The National Woman’s Party had its inception as the Congressional Union, formed in 1913 by Alice Paul and Lucy Burns as a branch of NAWSA. In 1914, however,the pair’s militant tactics resulted in a parting of the ways with the parent organization, and in 1916 the Union morphed into the National Woman’s Party. Their official colors of gold or yellow and purple and white, used on many of their buttons and ribbons, were a combination of NAWSA’s yellow with the purple, green, and white of the English WSPU.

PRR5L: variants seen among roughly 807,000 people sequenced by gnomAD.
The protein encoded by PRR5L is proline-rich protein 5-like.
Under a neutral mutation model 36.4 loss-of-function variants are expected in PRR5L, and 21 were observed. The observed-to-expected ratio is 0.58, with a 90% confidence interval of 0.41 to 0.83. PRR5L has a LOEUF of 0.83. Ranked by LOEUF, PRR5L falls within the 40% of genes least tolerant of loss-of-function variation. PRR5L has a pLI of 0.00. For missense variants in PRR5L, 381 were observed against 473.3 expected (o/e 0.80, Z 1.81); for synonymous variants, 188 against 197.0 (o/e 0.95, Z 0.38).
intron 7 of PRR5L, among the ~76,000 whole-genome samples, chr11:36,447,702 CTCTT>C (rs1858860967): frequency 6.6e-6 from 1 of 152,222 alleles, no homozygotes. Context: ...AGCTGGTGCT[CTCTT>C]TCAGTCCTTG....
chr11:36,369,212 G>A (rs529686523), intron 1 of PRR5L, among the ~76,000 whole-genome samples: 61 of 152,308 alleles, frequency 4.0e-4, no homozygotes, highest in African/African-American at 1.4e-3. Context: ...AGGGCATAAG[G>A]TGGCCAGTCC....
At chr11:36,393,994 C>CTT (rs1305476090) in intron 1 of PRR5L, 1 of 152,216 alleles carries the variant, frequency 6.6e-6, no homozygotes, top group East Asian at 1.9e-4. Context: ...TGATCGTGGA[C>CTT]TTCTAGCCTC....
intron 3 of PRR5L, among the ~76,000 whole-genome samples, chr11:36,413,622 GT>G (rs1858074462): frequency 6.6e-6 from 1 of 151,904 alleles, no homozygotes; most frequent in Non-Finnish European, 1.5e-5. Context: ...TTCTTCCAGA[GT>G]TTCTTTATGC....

Despite Paul’s penchant for the theatrical, a pattern of aggressive demonstrations and street performance that some modern critics term “visual rhetoric,” the NWP produced little in the way of buttons or badges other than what is seen here. The silver banner badge illustrated here depicts what were purportedly Inez Milhollend’s final words, taken from Walt Whitman, that “Without Extinction is Liberty.” It was given to those “silent sentinels” or pickets outside the White House. The model of the jailhouse door on what is termed the “Jailed for Freedom” pin was borrowed from the English Holloway brooch, designed by the English activist Sylvia Pankhurst.